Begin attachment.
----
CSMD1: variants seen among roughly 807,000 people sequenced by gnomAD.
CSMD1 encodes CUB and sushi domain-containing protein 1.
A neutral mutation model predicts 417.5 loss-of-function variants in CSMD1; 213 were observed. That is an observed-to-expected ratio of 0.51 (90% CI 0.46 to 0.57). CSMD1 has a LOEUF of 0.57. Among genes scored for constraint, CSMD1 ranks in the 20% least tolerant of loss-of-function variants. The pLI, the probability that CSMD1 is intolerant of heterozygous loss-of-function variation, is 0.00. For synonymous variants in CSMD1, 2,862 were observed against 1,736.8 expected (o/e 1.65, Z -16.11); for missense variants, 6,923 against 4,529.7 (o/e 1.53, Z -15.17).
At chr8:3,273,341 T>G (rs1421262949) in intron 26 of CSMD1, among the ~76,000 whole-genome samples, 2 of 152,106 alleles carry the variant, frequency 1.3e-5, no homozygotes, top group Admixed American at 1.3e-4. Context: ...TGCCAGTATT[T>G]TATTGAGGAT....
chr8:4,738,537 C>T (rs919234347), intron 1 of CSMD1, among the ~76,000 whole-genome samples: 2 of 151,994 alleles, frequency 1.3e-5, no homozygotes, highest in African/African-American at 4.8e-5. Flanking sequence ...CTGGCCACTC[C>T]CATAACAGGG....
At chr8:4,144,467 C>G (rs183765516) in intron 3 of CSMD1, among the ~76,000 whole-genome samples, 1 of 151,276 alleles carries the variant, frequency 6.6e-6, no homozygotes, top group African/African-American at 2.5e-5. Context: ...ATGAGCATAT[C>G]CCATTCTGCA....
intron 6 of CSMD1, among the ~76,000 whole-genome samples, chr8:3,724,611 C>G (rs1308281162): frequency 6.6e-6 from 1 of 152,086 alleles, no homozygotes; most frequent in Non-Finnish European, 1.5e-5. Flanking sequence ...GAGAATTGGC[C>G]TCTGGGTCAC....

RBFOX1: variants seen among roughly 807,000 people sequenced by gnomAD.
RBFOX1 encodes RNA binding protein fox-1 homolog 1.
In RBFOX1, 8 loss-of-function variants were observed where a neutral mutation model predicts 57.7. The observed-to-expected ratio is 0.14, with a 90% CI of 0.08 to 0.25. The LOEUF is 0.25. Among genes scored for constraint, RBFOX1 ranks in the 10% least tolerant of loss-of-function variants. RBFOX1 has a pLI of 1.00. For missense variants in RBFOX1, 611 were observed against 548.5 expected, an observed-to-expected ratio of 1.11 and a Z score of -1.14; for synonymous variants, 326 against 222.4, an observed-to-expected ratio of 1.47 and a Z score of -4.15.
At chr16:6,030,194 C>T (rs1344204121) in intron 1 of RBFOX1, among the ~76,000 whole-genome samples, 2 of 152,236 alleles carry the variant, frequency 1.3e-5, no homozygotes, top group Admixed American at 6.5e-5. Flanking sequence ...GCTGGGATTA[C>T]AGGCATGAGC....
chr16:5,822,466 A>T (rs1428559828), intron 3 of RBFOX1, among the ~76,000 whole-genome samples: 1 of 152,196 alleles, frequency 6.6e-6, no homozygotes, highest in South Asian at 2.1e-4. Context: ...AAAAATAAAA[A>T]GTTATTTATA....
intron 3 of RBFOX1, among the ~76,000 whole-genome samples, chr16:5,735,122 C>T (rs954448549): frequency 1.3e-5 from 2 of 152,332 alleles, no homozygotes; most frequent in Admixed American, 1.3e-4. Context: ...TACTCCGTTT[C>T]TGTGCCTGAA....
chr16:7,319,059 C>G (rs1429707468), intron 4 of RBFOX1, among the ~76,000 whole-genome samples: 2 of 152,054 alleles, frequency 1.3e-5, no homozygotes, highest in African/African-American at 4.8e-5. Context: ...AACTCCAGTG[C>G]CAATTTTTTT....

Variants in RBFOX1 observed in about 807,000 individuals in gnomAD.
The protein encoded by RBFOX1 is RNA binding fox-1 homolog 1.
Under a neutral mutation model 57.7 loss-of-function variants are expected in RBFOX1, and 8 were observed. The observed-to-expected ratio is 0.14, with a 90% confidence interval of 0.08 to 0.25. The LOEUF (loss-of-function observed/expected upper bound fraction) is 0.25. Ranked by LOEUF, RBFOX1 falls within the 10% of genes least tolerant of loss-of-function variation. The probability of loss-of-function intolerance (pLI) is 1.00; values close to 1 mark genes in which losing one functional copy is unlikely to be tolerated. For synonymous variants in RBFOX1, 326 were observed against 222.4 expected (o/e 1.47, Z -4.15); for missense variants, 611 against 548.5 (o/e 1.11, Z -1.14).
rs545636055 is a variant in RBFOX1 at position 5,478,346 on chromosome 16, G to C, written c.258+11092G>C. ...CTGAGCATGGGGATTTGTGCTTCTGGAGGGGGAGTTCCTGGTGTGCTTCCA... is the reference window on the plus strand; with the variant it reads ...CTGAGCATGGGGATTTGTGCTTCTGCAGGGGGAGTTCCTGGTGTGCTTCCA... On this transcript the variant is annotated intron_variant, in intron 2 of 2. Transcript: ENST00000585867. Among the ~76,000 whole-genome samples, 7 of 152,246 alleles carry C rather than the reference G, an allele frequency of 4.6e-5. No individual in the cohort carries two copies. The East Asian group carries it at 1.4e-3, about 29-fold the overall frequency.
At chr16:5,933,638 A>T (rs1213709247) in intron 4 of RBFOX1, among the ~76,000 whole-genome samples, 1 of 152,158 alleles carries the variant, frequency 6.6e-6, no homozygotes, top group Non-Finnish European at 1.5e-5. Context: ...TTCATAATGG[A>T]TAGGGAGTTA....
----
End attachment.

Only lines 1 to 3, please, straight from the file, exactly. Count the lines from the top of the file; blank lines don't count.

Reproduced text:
CSMD1: variants seen among roughly 807,000 people sequenced by gnomAD.
CSMD1 encodes CUB and sushi domain-containing protein 1.
A neutral mutation model predicts 417.5 loss-of-function variants in CSMD1; 213 were observed. That is an observed-to-expected ratio of 0.51 (90% CI 0.46 to 0.57). CSMD1 has a LOEUF of 0.57. Among genes scored for constraint, CSMD1 ranks in the 20% least tolerant of loss-of-function variants. The pLI, the probability that CSMD1 is intolerant of heterozygous loss-of-function variation, is 0.00. For synonymous variants in CSMD1, 2,862 were observed against 1,736.8 expected (o/e 1.65, Z -16.11); for missense variants, 6,923 against 4,529.7 (o/e 1.53, Z -15.17).